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Priest, Politician, CollaboratorJozef Tiso and the Making of Fascist Slovakia$
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James Mace Ward

Print publication date: 2013

Print ISBN-13: 9780801449888

Published to Cornell Scholarship Online: August 2016

DOI: 10.7591/cornell/9780801449888.001.0001

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The Failure of “Activism,” 1925–33

The Failure of “Activism,” 1925–33

Chapter:
Chapter Four The Failure of “Activism,” 1925–33
Source:
Priest, Politician, Collaborator
Author(s):

James Mace Ward

Publisher:
Cornell University Press
DOI:10.7591/cornell/9780801449888.003.0005

This chapter discusses Tito's efforts to craft a new relationship between the Ľudáks (Slovak People's Party) and the often progressive centralists who ran Czechoslovakia from 1925 to 1933. In the 1925 elections, he skillfully exploited Catholic and Slovak resentments, helping to reap a breakthrough victory for the Ľudáks. In 1926, he overcame factionalism within his party to lead it into government with non-Socialist centralists, winning himself a cabinet post. After this coalition collapsed in 1929, Tiso moved to take over the party, which he hoped to reshape in his moderate image. Tiso thus sought an “activist,” or pro-state, label for the Ľudáks.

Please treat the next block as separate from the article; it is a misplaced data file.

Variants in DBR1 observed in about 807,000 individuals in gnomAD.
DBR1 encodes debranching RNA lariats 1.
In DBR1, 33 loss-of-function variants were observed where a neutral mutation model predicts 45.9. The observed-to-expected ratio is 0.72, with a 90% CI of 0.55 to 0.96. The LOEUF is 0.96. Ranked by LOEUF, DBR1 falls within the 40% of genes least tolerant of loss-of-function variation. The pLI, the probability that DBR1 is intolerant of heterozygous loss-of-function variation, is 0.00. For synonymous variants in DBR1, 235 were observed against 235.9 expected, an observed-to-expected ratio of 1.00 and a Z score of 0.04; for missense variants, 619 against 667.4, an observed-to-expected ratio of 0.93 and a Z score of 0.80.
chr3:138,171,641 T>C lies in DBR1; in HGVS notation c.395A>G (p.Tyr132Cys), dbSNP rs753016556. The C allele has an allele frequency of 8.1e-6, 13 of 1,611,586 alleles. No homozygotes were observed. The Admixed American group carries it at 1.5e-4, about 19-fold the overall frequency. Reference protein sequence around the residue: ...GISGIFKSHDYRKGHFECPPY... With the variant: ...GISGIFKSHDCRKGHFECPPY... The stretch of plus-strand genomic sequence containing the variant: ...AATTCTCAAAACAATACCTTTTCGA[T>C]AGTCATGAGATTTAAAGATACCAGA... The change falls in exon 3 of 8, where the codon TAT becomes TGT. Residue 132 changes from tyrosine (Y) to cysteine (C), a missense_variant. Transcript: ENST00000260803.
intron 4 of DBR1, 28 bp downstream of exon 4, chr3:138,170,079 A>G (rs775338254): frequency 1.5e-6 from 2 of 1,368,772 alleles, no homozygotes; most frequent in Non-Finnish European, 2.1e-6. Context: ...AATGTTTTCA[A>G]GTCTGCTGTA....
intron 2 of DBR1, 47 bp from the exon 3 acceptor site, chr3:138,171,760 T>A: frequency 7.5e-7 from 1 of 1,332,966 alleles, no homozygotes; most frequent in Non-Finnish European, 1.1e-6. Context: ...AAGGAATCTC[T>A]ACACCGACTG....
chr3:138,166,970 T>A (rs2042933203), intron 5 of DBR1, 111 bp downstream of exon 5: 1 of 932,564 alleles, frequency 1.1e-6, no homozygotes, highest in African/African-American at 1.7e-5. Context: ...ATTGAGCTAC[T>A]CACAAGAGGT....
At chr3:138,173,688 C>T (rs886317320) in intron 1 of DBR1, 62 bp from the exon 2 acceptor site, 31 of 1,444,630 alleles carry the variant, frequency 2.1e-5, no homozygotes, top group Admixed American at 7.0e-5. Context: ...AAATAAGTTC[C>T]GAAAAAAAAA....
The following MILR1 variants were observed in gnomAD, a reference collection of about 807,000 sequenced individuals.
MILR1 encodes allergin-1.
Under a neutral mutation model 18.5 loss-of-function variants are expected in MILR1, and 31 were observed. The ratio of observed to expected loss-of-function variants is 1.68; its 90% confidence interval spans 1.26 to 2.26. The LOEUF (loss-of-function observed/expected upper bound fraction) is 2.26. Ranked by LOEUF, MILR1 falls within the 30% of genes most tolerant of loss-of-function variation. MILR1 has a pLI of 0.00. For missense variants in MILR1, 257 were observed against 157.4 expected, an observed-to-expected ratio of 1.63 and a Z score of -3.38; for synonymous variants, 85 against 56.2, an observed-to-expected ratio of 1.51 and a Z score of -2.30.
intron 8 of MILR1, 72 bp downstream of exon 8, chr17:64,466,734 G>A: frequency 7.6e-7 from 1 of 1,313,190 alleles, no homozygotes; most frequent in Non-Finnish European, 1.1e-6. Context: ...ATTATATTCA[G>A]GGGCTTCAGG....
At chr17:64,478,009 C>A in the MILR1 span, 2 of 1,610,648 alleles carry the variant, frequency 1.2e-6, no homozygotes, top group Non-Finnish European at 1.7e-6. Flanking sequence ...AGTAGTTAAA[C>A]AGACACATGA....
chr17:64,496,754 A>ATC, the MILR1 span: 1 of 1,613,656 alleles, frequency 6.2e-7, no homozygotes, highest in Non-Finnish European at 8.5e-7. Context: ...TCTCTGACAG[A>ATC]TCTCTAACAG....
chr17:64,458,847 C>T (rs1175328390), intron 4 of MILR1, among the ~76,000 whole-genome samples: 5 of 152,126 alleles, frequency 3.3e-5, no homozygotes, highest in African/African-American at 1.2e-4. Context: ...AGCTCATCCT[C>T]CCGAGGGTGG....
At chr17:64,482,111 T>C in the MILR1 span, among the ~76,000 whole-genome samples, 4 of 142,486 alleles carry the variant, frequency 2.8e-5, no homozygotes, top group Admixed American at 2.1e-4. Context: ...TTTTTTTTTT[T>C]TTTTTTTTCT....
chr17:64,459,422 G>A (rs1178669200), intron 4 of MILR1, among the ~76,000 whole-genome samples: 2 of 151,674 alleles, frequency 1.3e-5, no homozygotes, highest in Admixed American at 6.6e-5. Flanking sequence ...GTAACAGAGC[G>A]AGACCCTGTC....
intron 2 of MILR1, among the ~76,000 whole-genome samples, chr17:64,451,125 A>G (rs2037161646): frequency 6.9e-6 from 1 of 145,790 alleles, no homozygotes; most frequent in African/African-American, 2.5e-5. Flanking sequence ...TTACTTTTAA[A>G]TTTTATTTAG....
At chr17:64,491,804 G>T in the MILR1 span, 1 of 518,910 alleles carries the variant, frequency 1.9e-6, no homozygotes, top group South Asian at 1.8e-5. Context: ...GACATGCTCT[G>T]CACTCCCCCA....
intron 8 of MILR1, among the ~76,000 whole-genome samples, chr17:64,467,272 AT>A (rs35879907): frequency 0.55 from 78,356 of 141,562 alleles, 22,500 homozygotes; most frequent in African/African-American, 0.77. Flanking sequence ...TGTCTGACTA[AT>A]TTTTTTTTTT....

Keywords:   Jozef Tiso, Czechoslovak politics, Czechoslovakia, Ľudáks, Catholics, Slovaks, political parties, Slovak People's Party

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